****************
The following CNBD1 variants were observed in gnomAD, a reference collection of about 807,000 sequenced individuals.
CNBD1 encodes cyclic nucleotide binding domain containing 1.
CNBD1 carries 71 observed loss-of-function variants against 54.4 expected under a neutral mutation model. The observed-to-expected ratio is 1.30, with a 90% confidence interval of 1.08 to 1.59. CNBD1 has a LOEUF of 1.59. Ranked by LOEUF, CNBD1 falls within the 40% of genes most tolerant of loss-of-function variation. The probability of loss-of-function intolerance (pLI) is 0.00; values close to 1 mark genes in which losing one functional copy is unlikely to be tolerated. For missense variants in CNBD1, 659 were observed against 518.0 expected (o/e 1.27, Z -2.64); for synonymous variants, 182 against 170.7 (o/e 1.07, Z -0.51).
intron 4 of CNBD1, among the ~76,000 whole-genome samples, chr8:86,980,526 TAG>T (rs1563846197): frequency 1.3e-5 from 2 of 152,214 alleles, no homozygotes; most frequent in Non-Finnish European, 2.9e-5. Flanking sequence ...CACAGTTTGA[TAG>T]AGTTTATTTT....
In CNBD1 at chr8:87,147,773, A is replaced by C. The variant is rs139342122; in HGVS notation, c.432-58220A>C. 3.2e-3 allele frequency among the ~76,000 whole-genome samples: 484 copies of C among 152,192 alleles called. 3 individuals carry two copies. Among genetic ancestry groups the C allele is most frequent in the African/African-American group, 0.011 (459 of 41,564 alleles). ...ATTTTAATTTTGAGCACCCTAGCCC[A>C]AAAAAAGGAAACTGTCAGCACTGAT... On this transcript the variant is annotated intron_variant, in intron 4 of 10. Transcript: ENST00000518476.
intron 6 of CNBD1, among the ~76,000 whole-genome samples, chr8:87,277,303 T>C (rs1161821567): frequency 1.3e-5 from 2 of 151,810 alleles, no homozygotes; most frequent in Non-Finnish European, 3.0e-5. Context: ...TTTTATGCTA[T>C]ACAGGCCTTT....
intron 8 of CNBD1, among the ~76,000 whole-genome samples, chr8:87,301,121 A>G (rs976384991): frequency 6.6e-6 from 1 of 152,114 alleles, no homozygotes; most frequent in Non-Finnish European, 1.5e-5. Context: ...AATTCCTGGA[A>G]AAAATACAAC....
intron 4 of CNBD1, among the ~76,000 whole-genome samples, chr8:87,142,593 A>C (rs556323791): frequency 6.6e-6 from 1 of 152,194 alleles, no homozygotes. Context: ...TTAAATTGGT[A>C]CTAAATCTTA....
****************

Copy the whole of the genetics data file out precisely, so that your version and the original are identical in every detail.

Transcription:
The following CNBD1 variants were observed in gnomAD, a reference collection of about 807,000 sequenced individuals.
CNBD1 encodes cyclic nucleotide binding domain containing 1.
CNBD1 carries 71 observed loss-of-function variants against 54.4 expected under a neutral mutation model. The observed-to-expected ratio is 1.30, with a 90% confidence interval of 1.08 to 1.59. CNBD1 has a LOEUF of 1.59. Ranked by LOEUF, CNBD1 falls within the 40% of genes most tolerant of loss-of-function variation. The probability of loss-of-function intolerance (pLI) is 0.00; values close to 1 mark genes in which losing one functional copy is unlikely to be tolerated. For missense variants in CNBD1, 659 were observed against 518.0 expected (o/e 1.27, Z -2.64); for synonymous variants, 182 against 170.7 (o/e 1.07, Z -0.51).
intron 4 of CNBD1, among the ~76,000 whole-genome samples, chr8:86,980,526 TAG>T (rs1563846197): frequency 1.3e-5 from 2 of 152,214 alleles, no homozygotes; most frequent in Non-Finnish European, 2.9e-5. Flanking sequence ...CACAGTTTGA[TAG>T]AGTTTATTTT....
In CNBD1 at chr8:87,147,773, A is replaced by C. The variant is rs139342122; in HGVS notation, c.432-58220A>C. 3.2e-3 allele frequency among the ~76,000 whole-genome samples: 484 copies of C among 152,192 alleles called. 3 individuals carry two copies. Among genetic ancestry groups the C allele is most frequent in the African/African-American group, 0.011 (459 of 41,564 alleles). ...ATTTTAATTTTGAGCACCCTAGCCC[A>C]AAAAAAGGAAACTGTCAGCACTGAT... On this transcript the variant is annotated intron_variant, in intron 4 of 10. Transcript: ENST00000518476.
intron 6 of CNBD1, among the ~76,000 whole-genome samples, chr8:87,277,303 T>C (rs1161821567): frequency 1.3e-5 from 2 of 151,810 alleles, no homozygotes; most frequent in Non-Finnish European, 3.0e-5. Context: ...TTTTATGCTA[T>C]ACAGGCCTTT....
intron 8 of CNBD1, among the ~76,000 whole-genome samples, chr8:87,301,121 A>G (rs976384991): frequency 6.6e-6 from 1 of 152,114 alleles, no homozygotes; most frequent in Non-Finnish European, 1.5e-5. Context: ...AATTCCTGGA[A>G]AAAATACAAC....
intron 4 of CNBD1, among the ~76,000 whole-genome samples, chr8:87,142,593 A>C (rs556323791): frequency 6.6e-6 from 1 of 152,194 alleles, no homozygotes. Context: ...TTAAATTGGT[A>C]CTAAATCTTA....